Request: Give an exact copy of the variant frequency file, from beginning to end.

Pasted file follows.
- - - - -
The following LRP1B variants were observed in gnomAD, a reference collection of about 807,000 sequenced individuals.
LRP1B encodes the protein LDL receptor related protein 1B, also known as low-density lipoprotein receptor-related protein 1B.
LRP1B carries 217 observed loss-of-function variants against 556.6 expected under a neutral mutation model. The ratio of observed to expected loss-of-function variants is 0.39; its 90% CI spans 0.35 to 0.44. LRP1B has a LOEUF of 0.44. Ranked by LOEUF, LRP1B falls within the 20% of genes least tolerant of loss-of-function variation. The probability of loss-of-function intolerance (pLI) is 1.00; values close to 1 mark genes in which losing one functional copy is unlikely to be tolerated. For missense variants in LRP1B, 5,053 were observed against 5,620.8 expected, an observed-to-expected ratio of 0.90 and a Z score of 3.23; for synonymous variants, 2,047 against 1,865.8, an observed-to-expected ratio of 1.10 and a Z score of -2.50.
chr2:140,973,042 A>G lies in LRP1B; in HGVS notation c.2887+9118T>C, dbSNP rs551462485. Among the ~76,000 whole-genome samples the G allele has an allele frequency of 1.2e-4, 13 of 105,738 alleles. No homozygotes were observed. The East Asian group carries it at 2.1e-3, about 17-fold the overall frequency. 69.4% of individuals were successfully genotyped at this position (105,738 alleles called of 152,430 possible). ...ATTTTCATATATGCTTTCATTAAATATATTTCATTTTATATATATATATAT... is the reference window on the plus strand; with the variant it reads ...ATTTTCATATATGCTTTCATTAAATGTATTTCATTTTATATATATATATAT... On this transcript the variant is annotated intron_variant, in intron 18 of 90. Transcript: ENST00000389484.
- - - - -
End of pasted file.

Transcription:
The following LRP1B variants were observed in gnomAD, a reference collection of about 807,000 sequenced individuals.
LRP1B encodes the protein LDL receptor related protein 1B, also known as low-density lipoprotein receptor-related protein 1B.
LRP1B carries 217 observed loss-of-function variants against 556.6 expected under a neutral mutation model. The ratio of observed to expected loss-of-function variants is 0.39; its 90% CI spans 0.35 to 0.44. LRP1B has a LOEUF of 0.44. Ranked by LOEUF, LRP1B falls within the 20% of genes least tolerant of loss-of-function variation. The probability of loss-of-function intolerance (pLI) is 1.00; values close to 1 mark genes in which losing one functional copy is unlikely to be tolerated. For missense variants in LRP1B, 5,053 were observed against 5,620.8 expected, an observed-to-expected ratio of 0.90 and a Z score of 3.23; for synonymous variants, 2,047 against 1,865.8, an observed-to-expected ratio of 1.10 and a Z score of -2.50.
chr2:140,973,042 A>G lies in LRP1B; in HGVS notation c.2887+9118T>C, dbSNP rs551462485. Among the ~76,000 whole-genome samples the G allele has an allele frequency of 1.2e-4, 13 of 105,738 alleles. No homozygotes were observed. The East Asian group carries it at 2.1e-3, about 17-fold the overall frequency. 69.4% of individuals were successfully genotyped at this position (105,738 alleles called of 152,430 possible). ...ATTTTCATATATGCTTTCATTAAATATATTTCATTTTATATATATATATAT... is the reference window on the plus strand; with the variant it reads ...ATTTTCATATATGCTTTCATTAAATGTATTTCATTTTATATATATATATAT... On this transcript the variant is annotated intron_variant, in intron 18 of 90. Transcript: ENST00000389484.